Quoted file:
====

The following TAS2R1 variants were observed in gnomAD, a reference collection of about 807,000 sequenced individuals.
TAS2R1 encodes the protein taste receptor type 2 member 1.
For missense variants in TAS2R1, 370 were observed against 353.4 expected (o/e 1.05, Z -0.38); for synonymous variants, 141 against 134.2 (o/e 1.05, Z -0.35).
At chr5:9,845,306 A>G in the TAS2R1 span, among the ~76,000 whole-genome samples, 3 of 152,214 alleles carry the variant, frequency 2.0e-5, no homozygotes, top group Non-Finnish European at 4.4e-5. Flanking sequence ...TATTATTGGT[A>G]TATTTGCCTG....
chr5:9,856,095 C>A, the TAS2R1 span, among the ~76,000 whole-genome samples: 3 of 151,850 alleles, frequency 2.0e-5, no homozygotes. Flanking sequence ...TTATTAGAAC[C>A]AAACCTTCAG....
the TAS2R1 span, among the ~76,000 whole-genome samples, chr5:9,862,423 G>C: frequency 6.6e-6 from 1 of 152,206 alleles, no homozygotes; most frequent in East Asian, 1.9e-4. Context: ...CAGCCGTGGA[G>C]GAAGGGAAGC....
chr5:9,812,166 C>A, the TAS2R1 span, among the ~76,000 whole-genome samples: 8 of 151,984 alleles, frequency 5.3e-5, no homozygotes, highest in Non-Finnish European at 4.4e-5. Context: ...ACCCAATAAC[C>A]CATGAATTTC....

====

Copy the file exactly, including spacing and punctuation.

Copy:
The following TAS2R1 variants were observed in gnomAD, a reference collection of about 807,000 sequenced individuals.
TAS2R1 encodes the protein taste receptor type 2 member 1.
For missense variants in TAS2R1, 370 were observed against 353.4 expected (o/e 1.05, Z -0.38); for synonymous variants, 141 against 134.2 (o/e 1.05, Z -0.35).
At chr5:9,845,306 A>G in the TAS2R1 span, among the ~76,000 whole-genome samples, 3 of 152,214 alleles carry the variant, frequency 2.0e-5, no homozygotes, top group Non-Finnish European at 4.4e-5. Flanking sequence ...TATTATTGGT[A>G]TATTTGCCTG....
chr5:9,856,095 C>A, the TAS2R1 span, among the ~76,000 whole-genome samples: 3 of 151,850 alleles, frequency 2.0e-5, no homozygotes. Flanking sequence ...TTATTAGAAC[C>A]AAACCTTCAG....
the TAS2R1 span, among the ~76,000 whole-genome samples, chr5:9,862,423 G>C: frequency 6.6e-6 from 1 of 152,206 alleles, no homozygotes; most frequent in East Asian, 1.9e-4. Context: ...CAGCCGTGGA[G>C]GAAGGGAAGC....
chr5:9,812,166 C>A, the TAS2R1 span, among the ~76,000 whole-genome samples: 8 of 151,984 alleles, frequency 5.3e-5, no homozygotes, highest in Non-Finnish European at 4.4e-5. Context: ...ACCCAATAAC[C>A]CATGAATTTC....